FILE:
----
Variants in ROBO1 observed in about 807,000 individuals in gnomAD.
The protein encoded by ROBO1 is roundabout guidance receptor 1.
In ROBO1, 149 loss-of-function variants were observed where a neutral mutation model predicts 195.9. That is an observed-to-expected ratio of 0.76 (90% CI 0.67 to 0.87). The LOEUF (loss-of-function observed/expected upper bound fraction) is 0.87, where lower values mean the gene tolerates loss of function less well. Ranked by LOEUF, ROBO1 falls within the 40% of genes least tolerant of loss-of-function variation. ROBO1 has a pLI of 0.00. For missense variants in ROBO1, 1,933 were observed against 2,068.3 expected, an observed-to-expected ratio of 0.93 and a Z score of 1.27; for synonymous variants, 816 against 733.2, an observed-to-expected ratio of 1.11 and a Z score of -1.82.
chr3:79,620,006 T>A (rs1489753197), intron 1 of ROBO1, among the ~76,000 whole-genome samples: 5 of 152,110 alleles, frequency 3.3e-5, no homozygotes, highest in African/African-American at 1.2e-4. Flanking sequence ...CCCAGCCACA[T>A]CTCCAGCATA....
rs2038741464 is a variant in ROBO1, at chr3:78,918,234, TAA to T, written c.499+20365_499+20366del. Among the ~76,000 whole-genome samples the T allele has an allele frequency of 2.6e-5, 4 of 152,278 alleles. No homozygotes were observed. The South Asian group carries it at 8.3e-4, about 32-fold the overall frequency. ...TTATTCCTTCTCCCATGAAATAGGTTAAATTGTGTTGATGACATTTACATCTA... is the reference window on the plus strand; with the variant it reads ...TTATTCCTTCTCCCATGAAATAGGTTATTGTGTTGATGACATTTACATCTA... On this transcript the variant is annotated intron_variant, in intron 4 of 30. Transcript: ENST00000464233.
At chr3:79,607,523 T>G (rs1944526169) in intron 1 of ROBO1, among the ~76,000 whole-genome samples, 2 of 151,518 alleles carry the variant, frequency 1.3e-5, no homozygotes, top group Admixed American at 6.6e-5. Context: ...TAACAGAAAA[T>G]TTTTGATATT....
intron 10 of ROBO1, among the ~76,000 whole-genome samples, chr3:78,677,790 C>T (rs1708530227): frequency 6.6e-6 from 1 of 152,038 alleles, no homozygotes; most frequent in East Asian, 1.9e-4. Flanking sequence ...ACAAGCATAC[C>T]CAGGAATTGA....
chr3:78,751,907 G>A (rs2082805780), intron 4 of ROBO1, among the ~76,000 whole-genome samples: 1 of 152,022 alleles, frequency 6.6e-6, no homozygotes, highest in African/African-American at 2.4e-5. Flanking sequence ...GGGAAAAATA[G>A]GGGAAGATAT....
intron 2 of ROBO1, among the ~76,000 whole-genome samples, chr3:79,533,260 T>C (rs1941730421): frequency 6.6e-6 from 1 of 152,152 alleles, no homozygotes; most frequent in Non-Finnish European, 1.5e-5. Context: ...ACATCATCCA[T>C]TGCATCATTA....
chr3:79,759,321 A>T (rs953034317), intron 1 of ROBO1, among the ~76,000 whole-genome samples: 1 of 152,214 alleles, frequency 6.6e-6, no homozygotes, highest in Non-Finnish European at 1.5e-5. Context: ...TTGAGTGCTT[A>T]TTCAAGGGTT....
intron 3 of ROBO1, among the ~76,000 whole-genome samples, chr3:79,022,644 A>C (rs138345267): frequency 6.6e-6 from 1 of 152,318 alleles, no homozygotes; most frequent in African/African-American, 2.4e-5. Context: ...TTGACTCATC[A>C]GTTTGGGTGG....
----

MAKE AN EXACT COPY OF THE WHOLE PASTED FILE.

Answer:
Variants in ROBO1 observed in about 807,000 individuals in gnomAD.
The protein encoded by ROBO1 is roundabout guidance receptor 1.
In ROBO1, 149 loss-of-function variants were observed where a neutral mutation model predicts 195.9. That is an observed-to-expected ratio of 0.76 (90% CI 0.67 to 0.87). The LOEUF (loss-of-function observed/expected upper bound fraction) is 0.87, where lower values mean the gene tolerates loss of function less well. Ranked by LOEUF, ROBO1 falls within the 40% of genes least tolerant of loss-of-function variation. ROBO1 has a pLI of 0.00. For missense variants in ROBO1, 1,933 were observed against 2,068.3 expected, an observed-to-expected ratio of 0.93 and a Z score of 1.27; for synonymous variants, 816 against 733.2, an observed-to-expected ratio of 1.11 and a Z score of -1.82.
chr3:79,620,006 T>A (rs1489753197), intron 1 of ROBO1, among the ~76,000 whole-genome samples: 5 of 152,110 alleles, frequency 3.3e-5, no homozygotes, highest in African/African-American at 1.2e-4. Flanking sequence ...CCCAGCCACA[T>A]CTCCAGCATA....
rs2038741464 is a variant in ROBO1, at chr3:78,918,234, TAA to T, written c.499+20365_499+20366del. Among the ~76,000 whole-genome samples the T allele has an allele frequency of 2.6e-5, 4 of 152,278 alleles. No homozygotes were observed. The South Asian group carries it at 8.3e-4, about 32-fold the overall frequency. ...TTATTCCTTCTCCCATGAAATAGGTTAAATTGTGTTGATGACATTTACATCTA... is the reference window on the plus strand; with the variant it reads ...TTATTCCTTCTCCCATGAAATAGGTTATTGTGTTGATGACATTTACATCTA... On this transcript the variant is annotated intron_variant, in intron 4 of 30. Transcript: ENST00000464233.
At chr3:79,607,523 T>G (rs1944526169) in intron 1 of ROBO1, among the ~76,000 whole-genome samples, 2 of 151,518 alleles carry the variant, frequency 1.3e-5, no homozygotes, top group Admixed American at 6.6e-5. Context: ...TAACAGAAAA[T>G]TTTTGATATT....
intron 10 of ROBO1, among the ~76,000 whole-genome samples, chr3:78,677,790 C>T (rs1708530227): frequency 6.6e-6 from 1 of 152,038 alleles, no homozygotes; most frequent in East Asian, 1.9e-4. Flanking sequence ...ACAAGCATAC[C>T]CAGGAATTGA....
chr3:78,751,907 G>A (rs2082805780), intron 4 of ROBO1, among the ~76,000 whole-genome samples: 1 of 152,022 alleles, frequency 6.6e-6, no homozygotes, highest in African/African-American at 2.4e-5. Flanking sequence ...GGGAAAAATA[G>A]GGGAAGATAT....
intron 2 of ROBO1, among the ~76,000 whole-genome samples, chr3:79,533,260 T>C (rs1941730421): frequency 6.6e-6 from 1 of 152,152 alleles, no homozygotes; most frequent in Non-Finnish European, 1.5e-5. Context: ...ACATCATCCA[T>C]TGCATCATTA....
chr3:79,759,321 A>T (rs953034317), intron 1 of ROBO1, among the ~76,000 whole-genome samples: 1 of 152,214 alleles, frequency 6.6e-6, no homozygotes, highest in Non-Finnish European at 1.5e-5. Context: ...TTGAGTGCTT[A>T]TTCAAGGGTT....
intron 3 of ROBO1, among the ~76,000 whole-genome samples, chr3:79,022,644 A>C (rs138345267): frequency 6.6e-6 from 1 of 152,318 alleles, no homozygotes; most frequent in African/African-American, 2.4e-5. Context: ...TTGACTCATC[A>C]GTTTGGGTGG....